Elbow, Leaders Of The Free World (2005): Caught up with this as prep for reviewing the band’s latest (which is also quite good). I remembered Elbow from Cast Of Thousands, an album I found vaguely irritating when it came out: the opening song (“Ribcage”) was a neat redemption of the usual cliched uplift that comes whenever a gospel choir is invited to pitch in, and “Not A Job” was very soothing, but a lot of the music seemed half-finished, the songs resisting obvious power-pop hooks (which was pretty much all I liked at the time anyway—I was unaware that British bands had the option of not participating in Britpop) in favor of five-minute rambles. Well, either they’ve grown or I have—“Leaders Of The Free World” may be the best song I’ve heard this year. A furious, deliberately seething number, “Leaders” acquires power incrementally: first acoustic guitar and handclaps, then vocals, then bass, then the bass goes one octave lower, etc.—all leading to a chorus almost big enough for a Pulp song. And if we must have anti-Bush protest songs, then “Passing the gun from father to feckless son” is as succinct a line as any. The sheer, self-loathing hatred of daily routine on display—“I’m just counting down the days til I die… and the sickest little pleasures keep me going pulling teeth”—is a furious mirror for the kind of cliched post-grad malaise I’m going through. Elbow’s biggest problem as a band is that they care fuck-all about their image; they look like Manchester blokes who would stand and nod approvingly on the sidelines while Liam Gallagher lectured people on “proper music.” But they’re not; they’re pretty great, as it turns out.
Tapes ’N Tapes, The Loon (2005): If you’ve ever spent time reading British music publications (I don’t recommend doing this, but I was fairly obsessed with NME for a while because their writing was so sharp, even if their opinions increasingly turned sour on me), you’ll remember that they’re create-and-destroy hype monsters who’ll champion anyone who shows up as the new Oasis one week and slag on them the next; their turnover rate is as bad as McDonald’s. I frequently get the feeling that the American indie scene is operating much the same way these days. There’s been a lot of blather in various music mags about how blogs are destroying band’s development times; when Spin ran their cover story on Vampire Weekend, they had to be pre-emptively defensive: “they know their unprecedented rise—Vampire Weekend are, for example, the first band ever to be shot for a Spin cover before they’d even released an album—inevitably makes them a target of the very same machine that brought them this recognition,” Andy Greenwald wrote, “influential music blogs that champion unsigned, unheralded acts, only to turn their backs once those acts become signed and heralded.”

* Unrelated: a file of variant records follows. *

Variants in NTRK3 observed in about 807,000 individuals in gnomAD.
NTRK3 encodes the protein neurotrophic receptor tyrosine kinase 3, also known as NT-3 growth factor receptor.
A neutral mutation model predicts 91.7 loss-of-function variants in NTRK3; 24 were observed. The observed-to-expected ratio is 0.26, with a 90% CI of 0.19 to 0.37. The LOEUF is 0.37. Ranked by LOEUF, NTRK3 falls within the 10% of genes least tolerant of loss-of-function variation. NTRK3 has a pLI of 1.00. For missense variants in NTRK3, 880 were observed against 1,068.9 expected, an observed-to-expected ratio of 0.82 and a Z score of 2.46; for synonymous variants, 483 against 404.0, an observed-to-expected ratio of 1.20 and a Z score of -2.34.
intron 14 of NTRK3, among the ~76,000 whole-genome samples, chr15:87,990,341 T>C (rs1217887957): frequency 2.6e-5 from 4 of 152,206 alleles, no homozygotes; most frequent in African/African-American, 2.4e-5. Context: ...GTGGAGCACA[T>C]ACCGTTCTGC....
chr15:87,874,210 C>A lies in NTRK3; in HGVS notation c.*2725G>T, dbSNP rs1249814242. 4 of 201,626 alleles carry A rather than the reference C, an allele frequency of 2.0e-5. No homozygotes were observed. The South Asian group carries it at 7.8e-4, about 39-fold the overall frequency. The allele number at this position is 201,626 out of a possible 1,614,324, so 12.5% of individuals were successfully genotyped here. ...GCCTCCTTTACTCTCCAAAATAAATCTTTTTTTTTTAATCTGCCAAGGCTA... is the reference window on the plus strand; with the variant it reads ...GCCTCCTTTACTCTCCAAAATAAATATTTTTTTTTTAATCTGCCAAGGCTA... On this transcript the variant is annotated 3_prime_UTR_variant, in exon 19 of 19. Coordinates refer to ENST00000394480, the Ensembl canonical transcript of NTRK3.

I’m pretty sure this will pass—there’s only so many Best Band Ever(s) that can be championed a week before people will get tired of this game—but something more dangerous, I think, is the myth of the sophomore slump. Tradition (or, more accurately, cliche) has it that a band/musician has their whole life to write a first album, then rushes an inferior follow-up in months. (I’d argue that a chance to hammer out one’s ideas in the studio and up your game live could only be a good thing for development, but what do I know.) And this idea somehow persists even when a band takes three years to release a follow-up. Listen up people: Walk It Off is the exact same album as The Loon, just a little denser and deeper on the production tip. I’d actually never listened to them before I had to review the follow-up; both albums are a pleasurable wallow in a tangled strain of messy guitar-rock. Pretending that they’re any different is just a knee-jerk “Oh, I’m tired of this now” response. (OK, the back half is a little weaker, but not nearly as much as the reviews pretend, and certainly not enough to generate reversal-of-fortune disdain.) It’s not as if the world we live in has made T’nT so ubiquitous that they’re sickening—and if you somehow live a life where that’s true, you really need to get out more.